If a film has a good heart you can forgive its flaws, but what to do when it has no heart at all? Cloverfield is a modern-day retelling of a classic Hollywood monster movie and once again New York gets a terrible pounding. A group of self-absorbed yuppies are caught in the carnage and try to escape but manage to film the entire thing on their camcorder. Yeah right. Technically admirable, Cloverfield cleverly maintains the home video conceit but shaky-cam motion sickness got to me in the end.
Meet the Spartans is all flaw and no redeeming feature: another miss and miss spoof of last year’s hits. Soft targets include “Ugly Betty”, “American Idol”, Paris Hilton (yawn) and 300. The Spartans were gay, apparently. And not in a good way.
The Jane Austen Book Club is a well-intentioned adaptation of the popular novel about a group of women (and one dude) who meet once a month to talk about their favourite author. Writer and director Robin Swicord has assembled a fine ensemble cast including Maria Bello, Kathy Baker, Amy Brenneman and Jimmy Smits but too often they are representatives of people rather than people themselves and the film is un-persusasive. Actually, that’s not entirely true: the tentative relationship between Bello’s independent hound breeder and Hugh Dancy’s shy IT guru works nicely (for the most part).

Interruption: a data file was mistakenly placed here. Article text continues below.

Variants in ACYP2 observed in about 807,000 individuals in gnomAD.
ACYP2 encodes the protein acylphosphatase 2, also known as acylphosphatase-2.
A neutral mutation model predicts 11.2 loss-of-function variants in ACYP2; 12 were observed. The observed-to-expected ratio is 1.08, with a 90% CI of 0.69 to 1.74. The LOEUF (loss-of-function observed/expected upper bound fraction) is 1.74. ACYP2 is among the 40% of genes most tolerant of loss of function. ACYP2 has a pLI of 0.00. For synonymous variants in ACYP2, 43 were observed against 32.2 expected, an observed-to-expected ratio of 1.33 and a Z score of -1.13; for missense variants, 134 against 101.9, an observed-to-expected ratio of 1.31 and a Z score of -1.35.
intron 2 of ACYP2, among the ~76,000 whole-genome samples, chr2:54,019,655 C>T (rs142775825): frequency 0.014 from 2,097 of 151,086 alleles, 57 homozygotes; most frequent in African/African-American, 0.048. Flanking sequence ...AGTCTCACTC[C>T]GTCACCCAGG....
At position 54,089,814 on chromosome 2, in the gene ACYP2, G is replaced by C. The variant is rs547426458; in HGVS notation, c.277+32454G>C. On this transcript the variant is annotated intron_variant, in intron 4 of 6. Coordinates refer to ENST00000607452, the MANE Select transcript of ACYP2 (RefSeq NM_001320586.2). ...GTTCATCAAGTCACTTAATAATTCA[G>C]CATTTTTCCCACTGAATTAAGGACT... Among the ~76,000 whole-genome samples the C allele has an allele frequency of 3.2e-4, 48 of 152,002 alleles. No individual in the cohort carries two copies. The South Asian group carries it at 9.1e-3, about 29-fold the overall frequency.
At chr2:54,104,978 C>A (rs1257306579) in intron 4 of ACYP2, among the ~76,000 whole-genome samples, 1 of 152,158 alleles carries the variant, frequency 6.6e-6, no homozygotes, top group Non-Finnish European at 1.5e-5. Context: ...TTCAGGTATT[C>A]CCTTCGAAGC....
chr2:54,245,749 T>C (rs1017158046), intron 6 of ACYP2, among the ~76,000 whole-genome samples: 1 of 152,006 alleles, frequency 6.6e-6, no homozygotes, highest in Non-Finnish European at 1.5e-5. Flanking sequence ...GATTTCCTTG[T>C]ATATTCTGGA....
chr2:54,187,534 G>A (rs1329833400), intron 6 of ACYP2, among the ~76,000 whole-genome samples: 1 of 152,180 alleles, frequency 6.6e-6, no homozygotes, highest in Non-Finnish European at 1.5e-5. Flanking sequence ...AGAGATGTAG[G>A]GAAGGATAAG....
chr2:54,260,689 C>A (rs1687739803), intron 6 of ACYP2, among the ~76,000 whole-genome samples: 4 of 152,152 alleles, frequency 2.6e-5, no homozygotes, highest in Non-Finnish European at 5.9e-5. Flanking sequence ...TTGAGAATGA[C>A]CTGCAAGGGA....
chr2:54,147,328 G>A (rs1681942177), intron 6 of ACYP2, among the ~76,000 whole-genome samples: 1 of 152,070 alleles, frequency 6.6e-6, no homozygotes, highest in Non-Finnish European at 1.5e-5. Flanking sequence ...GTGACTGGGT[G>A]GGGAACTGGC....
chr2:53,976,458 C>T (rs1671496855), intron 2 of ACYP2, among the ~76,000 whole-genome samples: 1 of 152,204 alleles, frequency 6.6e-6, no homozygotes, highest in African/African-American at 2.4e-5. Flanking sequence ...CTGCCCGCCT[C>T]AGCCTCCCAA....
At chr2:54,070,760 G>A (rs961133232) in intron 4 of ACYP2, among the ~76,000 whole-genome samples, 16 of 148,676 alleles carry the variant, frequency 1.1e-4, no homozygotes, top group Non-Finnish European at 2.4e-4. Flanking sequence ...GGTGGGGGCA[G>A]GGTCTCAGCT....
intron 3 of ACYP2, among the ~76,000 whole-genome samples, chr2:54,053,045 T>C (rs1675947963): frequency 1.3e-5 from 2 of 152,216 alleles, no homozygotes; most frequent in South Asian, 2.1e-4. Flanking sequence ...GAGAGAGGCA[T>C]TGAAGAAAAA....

Printed in Wellington’s Capital Times on Wednesday 30 January, 2008.
Notes on screening conditions: Charlie Wilson’s War screened at a Reading Cinemas print check, 9am last Tuesday morning (thanks, Hadyn), sitting in the comfy Gold Lounge chairs; Juno screened on Sunday afternoon in Penthouse 1 (the original). It’s nice to see the Penthouse finally replacing the seats in Cinema 1 but perhaps they could think about replacing the sound system with something that wasn’t salvaged from a transistor radio. Meet the Spartans was seen at a busy Saturday matinée at Readings where the brain-dead teenagers around me hooted at every stupid, lame, joke. Cloverfield was in Readings digital cinema (Cinema 5) and looked sensational. Digital really is the future and it can’t come soon enough. I shudder to think how ill I might have felt if I’d seen Cloverfield from a wobbly, scratchy print. The Jane Austen Book Club was the second part of a Penthouse double-feature on Sunday, this time in Cinema 3 (the new one) which is splendid.